You might find this piece on donations to college athletics programs of interest, particularly in light of yesterday’s tidbit that a FSU booster program is picking up a big chunk of the tab for that Title IX settlement. It’s just one more little hint that there’s only so much in people’s wallets.
But there are signs that donors may be reaching their limits, as overall athletics donations to the reporting institutions dipped slightly in 2015 from the year before. A drop in the stock market contributed to that decline, athletics leaders say. So did donor fatigue, with some supporters questioning programs’ efforts to raise donation requirements for tickets and to seek money for increased compensation for coaches.
ESPN’s business model. Big donors. Fans that get more bang for their buck staying home with their big screen televisions. These are not positive trends for the money flow.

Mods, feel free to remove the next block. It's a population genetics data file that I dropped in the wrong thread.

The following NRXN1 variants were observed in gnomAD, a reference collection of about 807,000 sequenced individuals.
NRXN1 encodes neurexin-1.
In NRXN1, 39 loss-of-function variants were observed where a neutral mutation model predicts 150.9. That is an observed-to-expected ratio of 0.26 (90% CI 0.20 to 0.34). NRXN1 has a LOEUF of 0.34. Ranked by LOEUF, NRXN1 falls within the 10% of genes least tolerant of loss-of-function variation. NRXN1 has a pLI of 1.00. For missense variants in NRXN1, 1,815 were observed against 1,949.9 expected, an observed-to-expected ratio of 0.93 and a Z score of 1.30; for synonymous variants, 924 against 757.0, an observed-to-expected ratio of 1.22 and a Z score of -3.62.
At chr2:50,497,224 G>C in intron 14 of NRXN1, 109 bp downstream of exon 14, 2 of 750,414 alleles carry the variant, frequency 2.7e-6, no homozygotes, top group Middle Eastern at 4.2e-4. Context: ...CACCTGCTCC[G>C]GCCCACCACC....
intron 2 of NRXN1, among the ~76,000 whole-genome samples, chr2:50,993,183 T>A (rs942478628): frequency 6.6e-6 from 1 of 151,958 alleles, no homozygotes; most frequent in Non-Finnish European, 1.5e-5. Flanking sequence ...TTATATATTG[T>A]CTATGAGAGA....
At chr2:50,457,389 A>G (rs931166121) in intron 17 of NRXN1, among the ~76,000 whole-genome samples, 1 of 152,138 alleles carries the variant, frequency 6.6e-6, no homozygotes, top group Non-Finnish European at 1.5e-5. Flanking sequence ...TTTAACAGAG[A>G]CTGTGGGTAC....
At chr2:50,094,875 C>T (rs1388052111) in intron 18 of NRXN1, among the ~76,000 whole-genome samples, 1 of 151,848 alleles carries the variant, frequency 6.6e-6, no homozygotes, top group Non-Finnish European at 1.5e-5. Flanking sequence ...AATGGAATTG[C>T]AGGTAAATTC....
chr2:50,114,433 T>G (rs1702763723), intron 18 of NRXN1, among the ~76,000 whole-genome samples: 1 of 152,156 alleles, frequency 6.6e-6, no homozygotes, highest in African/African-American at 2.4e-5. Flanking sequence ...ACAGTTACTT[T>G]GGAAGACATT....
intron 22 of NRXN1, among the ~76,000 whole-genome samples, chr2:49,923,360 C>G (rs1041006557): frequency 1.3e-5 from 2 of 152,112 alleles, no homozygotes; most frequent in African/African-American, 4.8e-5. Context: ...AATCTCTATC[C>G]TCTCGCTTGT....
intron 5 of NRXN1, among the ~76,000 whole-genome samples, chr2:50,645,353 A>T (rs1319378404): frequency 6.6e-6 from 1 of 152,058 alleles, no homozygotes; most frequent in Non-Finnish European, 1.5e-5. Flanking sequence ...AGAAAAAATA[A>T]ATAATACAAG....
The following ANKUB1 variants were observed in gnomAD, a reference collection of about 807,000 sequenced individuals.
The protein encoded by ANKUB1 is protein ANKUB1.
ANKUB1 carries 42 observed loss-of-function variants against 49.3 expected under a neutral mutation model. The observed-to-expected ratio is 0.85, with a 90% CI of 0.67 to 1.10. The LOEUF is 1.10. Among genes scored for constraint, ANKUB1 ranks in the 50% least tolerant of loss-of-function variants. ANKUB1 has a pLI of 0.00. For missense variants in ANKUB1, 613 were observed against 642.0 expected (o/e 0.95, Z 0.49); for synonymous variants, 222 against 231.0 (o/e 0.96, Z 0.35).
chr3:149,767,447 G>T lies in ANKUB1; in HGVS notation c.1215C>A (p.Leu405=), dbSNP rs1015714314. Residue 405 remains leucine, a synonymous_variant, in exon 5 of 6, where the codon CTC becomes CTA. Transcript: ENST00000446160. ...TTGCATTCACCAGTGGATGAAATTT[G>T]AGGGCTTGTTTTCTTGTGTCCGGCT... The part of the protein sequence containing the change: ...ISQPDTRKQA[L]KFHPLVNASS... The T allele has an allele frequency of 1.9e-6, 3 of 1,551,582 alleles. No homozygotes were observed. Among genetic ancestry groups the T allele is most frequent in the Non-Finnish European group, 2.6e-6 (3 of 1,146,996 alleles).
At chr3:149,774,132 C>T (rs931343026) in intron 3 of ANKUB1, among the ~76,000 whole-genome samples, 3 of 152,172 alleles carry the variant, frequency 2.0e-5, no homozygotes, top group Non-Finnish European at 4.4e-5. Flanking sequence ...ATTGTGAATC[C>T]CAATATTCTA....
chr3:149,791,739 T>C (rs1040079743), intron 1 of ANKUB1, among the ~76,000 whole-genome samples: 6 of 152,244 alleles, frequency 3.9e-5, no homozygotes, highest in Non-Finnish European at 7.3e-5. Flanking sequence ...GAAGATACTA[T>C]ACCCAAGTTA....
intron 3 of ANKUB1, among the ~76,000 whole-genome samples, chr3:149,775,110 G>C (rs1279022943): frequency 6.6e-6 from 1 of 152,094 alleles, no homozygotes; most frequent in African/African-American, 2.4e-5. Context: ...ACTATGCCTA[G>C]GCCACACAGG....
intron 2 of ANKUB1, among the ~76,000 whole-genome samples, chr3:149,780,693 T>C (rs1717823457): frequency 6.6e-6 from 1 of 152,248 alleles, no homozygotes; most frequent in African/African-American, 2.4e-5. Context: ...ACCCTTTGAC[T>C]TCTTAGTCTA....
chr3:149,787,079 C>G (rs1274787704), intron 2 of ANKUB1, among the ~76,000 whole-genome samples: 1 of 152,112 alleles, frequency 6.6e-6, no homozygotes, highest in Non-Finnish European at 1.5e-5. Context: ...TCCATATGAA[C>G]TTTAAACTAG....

Anybody thinking about the long term? There’s only so much improved WiFi can remedy, you know.
Phillip Fulmer, on Mark Richt’s dismissal:
“I was disappointed that he left Georgia, but at the same time this world has changed a lot. We basically have corporatized college football, which whether you want it there or not that’s where it is. The amount of dollars that are being paid to coaches, and the expectations that are out there, and the truth of it is they just get tired of you after a while.” [Emphasis added.]
We’re at a point where a comment like that doesn’t shock the conscience. Hell, it’s not even worthy of a halfhearted rebuttal. Of course the bastards running college football have corporatized it. That’s where the money is.
With a lede like “The facilities race in college athletics shows no sign of slowing, and athletics director Jay Jacobs proposes that Auburn pick up the pace in a major way”, do you really need to read any more to know what’s coming?
UPDATE: Arkansas is prepared to spend $160 million on stadium renovation.